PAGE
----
The Ascendants, 2019, Oil on canvas, 63" x 60" 

 

In The Seam, 2019, Oil on canvas, 57" x 49.5"

 

The Catastrophe Of Choice, 2019, Oil on canvas, 33" x 37" 

 

Cacophony of Silence, 2019, Oil on canvas, 55" x 75" 

 

Sundials And Sonnets, 2019, Oil on canvas, 54" x 68"

 

The Expats, 2019, Oil on canvas, 56" x 70" 

 

Beholder (Tin Year and Beyond), 2019, Oil on canvas, 56" x 46" 

 

On Beetroots And Beethoven, 2019, Oil on canvas, 62.25" x 72"

 

Bellwether, 2019, Oil on canvas, 52" x 58" 

 

Wangari Mathenge

Interview by Jan-Willem Dikkers

“In this time of rapid information exchange via the Internet
we may assume that people have access to and therefore receive the truth.
Of course this is far from true.”
Wangari Mathenge

Wangari Mathenge
Visual artist Wangari Mathenge (b. 1973) was born in Nairobi, Kenya and currently resides in Chicago, Illinois where she is attending the School of the Art Institute’s Painting and Drawing MFA program. Her work confronts issues regarding the visibility of the black female in the context of both the traditional African patriarchal society and the Diaspora. Her paintings are held in private collections in Europe, Africa and North America.

Chimamanda Ngozi Adichie
Chimamanda Ngozi Adichie (b. 1977) is a Nigerian writer whose works include the novels Purple Hibiscus (2003), Half of a Yellow Sun (2006), and Americanah (2013), the short story collection The Thing Around Your Neck (2009), and the book-length essay “We Should All Be Feminists.” (2014). Her most recent book, Dear Ijeawele, or A Feminist Manifesto in Fifteen Suggestions, was published in March 2017. In 2008, she was awarded a MacArthur Genius Grant.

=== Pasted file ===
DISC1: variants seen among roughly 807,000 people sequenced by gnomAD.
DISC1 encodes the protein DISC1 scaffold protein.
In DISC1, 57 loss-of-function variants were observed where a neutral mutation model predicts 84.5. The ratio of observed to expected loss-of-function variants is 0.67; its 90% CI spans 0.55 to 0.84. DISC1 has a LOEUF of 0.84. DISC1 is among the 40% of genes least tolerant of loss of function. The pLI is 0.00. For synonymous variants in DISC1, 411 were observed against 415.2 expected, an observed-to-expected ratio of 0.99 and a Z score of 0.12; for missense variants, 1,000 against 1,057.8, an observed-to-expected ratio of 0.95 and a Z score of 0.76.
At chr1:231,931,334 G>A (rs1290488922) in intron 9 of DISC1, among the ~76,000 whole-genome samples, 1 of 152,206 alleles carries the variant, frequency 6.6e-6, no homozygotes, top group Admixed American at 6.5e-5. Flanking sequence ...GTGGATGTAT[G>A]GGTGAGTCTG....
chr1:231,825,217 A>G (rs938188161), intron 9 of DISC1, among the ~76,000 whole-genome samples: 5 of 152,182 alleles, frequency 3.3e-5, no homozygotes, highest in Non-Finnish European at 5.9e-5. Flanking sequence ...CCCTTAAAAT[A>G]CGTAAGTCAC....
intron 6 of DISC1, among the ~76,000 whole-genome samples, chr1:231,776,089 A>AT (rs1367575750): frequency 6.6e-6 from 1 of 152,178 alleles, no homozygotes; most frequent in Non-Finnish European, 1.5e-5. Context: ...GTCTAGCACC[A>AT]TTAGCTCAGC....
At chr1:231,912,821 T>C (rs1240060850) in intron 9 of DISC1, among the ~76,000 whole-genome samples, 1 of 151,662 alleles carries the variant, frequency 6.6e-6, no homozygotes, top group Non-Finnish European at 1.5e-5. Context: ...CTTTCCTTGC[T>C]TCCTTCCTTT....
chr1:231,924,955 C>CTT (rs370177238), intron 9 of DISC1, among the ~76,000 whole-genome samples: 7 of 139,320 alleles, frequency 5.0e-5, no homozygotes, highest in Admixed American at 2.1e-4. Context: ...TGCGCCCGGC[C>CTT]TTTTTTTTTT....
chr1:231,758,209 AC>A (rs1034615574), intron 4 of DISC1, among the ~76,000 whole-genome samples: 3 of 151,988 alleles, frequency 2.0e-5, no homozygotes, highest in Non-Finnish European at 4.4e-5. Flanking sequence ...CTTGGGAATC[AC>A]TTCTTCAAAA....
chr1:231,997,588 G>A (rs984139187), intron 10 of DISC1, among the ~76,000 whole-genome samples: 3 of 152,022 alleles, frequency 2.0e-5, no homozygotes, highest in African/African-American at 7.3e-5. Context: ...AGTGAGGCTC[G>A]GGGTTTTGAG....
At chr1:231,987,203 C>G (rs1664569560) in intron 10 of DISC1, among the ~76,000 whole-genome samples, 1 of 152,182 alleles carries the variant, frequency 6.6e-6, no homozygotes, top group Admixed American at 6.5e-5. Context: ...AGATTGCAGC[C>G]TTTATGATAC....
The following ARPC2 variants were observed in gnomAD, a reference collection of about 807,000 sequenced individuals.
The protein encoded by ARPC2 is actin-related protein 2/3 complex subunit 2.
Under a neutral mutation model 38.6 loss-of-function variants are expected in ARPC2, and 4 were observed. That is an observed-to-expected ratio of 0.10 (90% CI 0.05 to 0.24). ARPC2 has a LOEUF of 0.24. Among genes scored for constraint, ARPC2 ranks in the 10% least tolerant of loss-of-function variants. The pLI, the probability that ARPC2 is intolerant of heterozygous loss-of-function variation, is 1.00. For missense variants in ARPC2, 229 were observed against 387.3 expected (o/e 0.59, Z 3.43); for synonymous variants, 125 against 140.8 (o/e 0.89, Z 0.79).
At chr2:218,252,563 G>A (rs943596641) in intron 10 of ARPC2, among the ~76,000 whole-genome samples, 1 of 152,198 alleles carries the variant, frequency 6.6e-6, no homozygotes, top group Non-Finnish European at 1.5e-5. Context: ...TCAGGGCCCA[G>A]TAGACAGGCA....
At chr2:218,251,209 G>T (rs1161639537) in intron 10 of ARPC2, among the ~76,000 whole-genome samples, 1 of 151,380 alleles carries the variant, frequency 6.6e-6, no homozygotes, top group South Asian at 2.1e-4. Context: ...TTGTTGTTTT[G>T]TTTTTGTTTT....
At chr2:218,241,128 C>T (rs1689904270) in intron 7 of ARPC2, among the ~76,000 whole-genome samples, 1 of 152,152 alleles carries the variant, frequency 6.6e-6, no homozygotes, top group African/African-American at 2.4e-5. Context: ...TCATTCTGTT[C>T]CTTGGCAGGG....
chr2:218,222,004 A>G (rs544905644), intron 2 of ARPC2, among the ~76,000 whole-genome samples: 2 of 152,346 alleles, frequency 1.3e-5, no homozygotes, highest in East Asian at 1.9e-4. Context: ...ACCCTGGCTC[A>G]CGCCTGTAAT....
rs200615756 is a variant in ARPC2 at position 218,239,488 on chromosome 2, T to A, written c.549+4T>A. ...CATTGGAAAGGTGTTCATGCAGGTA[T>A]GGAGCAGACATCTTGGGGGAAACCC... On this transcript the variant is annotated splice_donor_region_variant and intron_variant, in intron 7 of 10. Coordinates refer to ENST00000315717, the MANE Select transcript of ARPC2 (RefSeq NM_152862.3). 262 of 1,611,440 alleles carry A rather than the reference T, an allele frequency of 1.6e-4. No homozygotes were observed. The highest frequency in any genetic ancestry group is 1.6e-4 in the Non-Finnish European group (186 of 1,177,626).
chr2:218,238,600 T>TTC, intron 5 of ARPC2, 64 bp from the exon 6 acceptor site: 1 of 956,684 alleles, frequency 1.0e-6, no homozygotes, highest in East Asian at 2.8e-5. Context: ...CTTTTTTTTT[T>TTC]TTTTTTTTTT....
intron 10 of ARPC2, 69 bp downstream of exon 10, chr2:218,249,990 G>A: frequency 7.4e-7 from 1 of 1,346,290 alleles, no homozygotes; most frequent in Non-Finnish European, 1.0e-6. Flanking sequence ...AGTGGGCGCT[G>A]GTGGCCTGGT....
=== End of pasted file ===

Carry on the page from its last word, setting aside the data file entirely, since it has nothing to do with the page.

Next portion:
Kenyan-born artist Wangari Mathenge’s new body of work draws inspiration from “The Danger of a Single Story,” a 2009 Ted Talk delivered by author Chimamanda Ngozi Adichie about the ways the West homogenizes Africa. In response, Mathenge created paintings of complex human beings and situations in the liminal yet rarely-registered moments essential to us all, inspiring an authentic connection between the subject and the viewer. Her portraits evoke a sense of leisure and yet also defiance – women captured in ordinary moments, often gazing at the viewer with great self-possession.

The artist discusses her journey of re-discovery, the possibility of empathy towards others’ ignorance, and her own experiences with ‘single stories’.

Where are you from?
I was born and raised in Nairobi, Kenya but now reside in the United States.

When did you start making art?
I started making art as a child. I was probably first introduced to it in kindergarten. My first recollection comprises plasticine, paper collage, watercolor and the varied possibilities of Lego blocks.

What artists inspired you growing up?
I grew up watching Rolf Harris shows. I found it fascinating seeing him transform a plain white canvas into a fantastic landscape or portrait. It always seemed so magical how recognizable forms would appear, how he let you in on how his process yet it still seemed so impossible. He made this two dimensional plane come alive in a way that fascinated me to no end. This has been my lasting memory.